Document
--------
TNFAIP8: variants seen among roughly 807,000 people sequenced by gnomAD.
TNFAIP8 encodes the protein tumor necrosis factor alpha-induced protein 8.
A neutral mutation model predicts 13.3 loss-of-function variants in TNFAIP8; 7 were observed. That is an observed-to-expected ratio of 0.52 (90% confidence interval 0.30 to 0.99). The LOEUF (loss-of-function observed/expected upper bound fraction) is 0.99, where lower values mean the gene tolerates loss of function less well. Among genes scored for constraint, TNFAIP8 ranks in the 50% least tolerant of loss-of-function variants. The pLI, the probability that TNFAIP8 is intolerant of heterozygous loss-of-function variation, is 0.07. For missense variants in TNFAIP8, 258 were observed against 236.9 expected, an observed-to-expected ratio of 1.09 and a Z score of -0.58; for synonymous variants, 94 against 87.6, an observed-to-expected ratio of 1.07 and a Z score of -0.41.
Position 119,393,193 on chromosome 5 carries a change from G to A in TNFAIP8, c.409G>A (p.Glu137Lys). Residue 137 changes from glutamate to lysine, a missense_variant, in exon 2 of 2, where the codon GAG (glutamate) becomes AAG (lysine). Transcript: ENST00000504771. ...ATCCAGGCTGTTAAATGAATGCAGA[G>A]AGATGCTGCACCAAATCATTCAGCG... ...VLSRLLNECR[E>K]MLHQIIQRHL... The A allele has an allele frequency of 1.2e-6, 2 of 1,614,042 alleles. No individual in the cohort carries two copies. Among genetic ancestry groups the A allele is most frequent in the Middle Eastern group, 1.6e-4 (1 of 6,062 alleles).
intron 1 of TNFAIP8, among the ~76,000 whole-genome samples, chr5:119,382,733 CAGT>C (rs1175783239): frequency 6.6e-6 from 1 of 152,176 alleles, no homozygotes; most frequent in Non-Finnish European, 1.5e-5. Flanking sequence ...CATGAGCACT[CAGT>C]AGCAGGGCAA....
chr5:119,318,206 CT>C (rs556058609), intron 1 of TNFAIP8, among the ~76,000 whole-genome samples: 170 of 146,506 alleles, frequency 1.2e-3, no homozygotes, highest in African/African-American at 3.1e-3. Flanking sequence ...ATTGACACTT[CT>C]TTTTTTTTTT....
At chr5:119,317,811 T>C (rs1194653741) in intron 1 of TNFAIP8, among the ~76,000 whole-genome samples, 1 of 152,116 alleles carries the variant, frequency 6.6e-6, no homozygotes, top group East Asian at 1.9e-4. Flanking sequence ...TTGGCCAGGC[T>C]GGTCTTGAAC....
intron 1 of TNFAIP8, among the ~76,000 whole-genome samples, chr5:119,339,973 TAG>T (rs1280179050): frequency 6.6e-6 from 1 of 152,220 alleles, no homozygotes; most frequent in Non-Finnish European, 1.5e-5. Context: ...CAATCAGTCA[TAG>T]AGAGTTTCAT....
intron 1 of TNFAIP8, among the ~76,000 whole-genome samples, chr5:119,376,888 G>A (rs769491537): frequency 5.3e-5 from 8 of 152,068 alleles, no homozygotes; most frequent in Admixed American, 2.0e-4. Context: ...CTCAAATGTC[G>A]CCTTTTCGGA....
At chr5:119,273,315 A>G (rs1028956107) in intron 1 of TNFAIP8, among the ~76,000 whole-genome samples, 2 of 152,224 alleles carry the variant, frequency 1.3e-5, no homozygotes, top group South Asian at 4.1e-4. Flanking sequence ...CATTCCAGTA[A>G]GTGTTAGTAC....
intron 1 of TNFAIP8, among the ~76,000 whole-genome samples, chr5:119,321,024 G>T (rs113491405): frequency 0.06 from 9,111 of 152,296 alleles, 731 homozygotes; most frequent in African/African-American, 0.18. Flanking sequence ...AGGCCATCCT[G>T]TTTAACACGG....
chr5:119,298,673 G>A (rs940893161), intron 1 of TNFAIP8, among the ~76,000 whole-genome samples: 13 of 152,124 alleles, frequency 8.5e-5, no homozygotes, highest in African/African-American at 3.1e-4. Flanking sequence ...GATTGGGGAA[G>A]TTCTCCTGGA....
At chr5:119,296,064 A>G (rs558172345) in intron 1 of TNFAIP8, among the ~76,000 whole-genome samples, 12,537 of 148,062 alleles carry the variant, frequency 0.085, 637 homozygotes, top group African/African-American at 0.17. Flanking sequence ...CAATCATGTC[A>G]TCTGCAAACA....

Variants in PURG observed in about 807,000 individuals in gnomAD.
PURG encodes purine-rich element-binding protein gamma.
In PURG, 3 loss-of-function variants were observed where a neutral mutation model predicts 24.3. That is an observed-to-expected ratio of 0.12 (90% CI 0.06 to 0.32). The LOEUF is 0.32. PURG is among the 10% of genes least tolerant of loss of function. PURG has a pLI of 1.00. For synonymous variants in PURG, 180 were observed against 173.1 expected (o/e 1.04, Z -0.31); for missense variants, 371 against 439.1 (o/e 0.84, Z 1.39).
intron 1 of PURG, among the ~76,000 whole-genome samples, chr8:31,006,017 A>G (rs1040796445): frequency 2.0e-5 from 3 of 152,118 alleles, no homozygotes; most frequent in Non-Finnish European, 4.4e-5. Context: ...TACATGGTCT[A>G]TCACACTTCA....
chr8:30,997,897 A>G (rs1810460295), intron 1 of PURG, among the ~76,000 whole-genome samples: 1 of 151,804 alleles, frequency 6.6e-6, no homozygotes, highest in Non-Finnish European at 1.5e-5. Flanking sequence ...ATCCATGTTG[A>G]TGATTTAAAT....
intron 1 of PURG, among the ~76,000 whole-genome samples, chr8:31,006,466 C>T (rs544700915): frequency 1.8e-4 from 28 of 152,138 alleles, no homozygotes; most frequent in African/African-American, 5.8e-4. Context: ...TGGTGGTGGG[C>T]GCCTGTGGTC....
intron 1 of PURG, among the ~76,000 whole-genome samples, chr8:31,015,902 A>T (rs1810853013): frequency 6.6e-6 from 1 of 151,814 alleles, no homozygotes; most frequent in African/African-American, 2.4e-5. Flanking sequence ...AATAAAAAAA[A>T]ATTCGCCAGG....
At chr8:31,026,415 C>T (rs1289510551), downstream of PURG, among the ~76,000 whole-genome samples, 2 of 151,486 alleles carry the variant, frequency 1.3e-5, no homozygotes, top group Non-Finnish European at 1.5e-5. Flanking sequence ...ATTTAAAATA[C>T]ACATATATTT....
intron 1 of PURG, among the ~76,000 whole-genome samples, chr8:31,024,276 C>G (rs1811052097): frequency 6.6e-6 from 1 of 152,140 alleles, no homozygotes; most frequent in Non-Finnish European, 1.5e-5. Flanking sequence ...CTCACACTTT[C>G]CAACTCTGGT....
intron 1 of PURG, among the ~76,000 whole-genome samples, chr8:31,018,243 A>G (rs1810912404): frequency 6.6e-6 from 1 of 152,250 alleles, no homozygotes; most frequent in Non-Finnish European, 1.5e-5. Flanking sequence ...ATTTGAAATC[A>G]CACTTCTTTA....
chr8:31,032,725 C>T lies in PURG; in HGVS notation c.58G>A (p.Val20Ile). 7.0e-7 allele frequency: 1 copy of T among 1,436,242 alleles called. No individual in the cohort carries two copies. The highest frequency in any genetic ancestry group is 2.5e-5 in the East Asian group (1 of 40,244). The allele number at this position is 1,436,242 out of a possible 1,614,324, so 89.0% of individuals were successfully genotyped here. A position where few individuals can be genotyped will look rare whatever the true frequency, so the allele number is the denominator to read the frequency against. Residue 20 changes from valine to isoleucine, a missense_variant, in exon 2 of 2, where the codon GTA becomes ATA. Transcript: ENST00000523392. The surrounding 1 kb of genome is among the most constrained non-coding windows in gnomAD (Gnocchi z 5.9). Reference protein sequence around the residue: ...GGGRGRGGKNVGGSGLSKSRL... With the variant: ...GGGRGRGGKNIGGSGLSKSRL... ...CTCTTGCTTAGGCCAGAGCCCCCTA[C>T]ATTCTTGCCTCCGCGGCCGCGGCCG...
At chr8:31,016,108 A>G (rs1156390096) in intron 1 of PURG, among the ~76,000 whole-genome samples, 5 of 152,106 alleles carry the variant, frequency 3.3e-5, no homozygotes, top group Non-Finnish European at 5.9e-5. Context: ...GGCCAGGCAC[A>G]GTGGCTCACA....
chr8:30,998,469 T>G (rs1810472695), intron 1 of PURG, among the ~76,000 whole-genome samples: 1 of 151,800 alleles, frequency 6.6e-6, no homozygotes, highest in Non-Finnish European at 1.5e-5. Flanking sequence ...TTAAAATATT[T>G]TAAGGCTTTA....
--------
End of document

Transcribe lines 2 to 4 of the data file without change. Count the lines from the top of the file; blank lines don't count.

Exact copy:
TNFAIP8 encodes the protein tumor necrosis factor alpha-induced protein 8.
A neutral mutation model predicts 13.3 loss-of-function variants in TNFAIP8; 7 were observed. That is an observed-to-expected ratio of 0.52 (90% confidence interval 0.30 to 0.99). The LOEUF (loss-of-function observed/expected upper bound fraction) is 0.99, where lower values mean the gene tolerates loss of function less well. Among genes scored for constraint, TNFAIP8 ranks in the 50% least tolerant of loss-of-function variants. The pLI, the probability that TNFAIP8 is intolerant of heterozygous loss-of-function variation, is 0.07. For missense variants in TNFAIP8, 258 were observed against 236.9 expected, an observed-to-expected ratio of 1.09 and a Z score of -0.58; for synonymous variants, 94 against 87.6, an observed-to-expected ratio of 1.07 and a Z score of -0.41.
Position 119,393,193 on chromosome 5 carries a change from G to A in TNFAIP8, c.409G>A (p.Glu137Lys). Residue 137 changes from glutamate to lysine, a missense_variant, in exon 2 of 2, where the codon GAG (glutamate) becomes AAG (lysine). Transcript: ENST00000504771. ...ATCCAGGCTGTTAAATGAATGCAGA[G>A]AGATGCTGCACCAAATCATTCAGCG... ...VLSRLLNECR[E>K]MLHQIIQRHL... The A allele has an allele frequency of 1.2e-6, 2 of 1,614,042 alleles. No individual in the cohort carries two copies. Among genetic ancestry groups the A allele is most frequent in the Middle Eastern group, 1.6e-4 (1 of 6,062 alleles).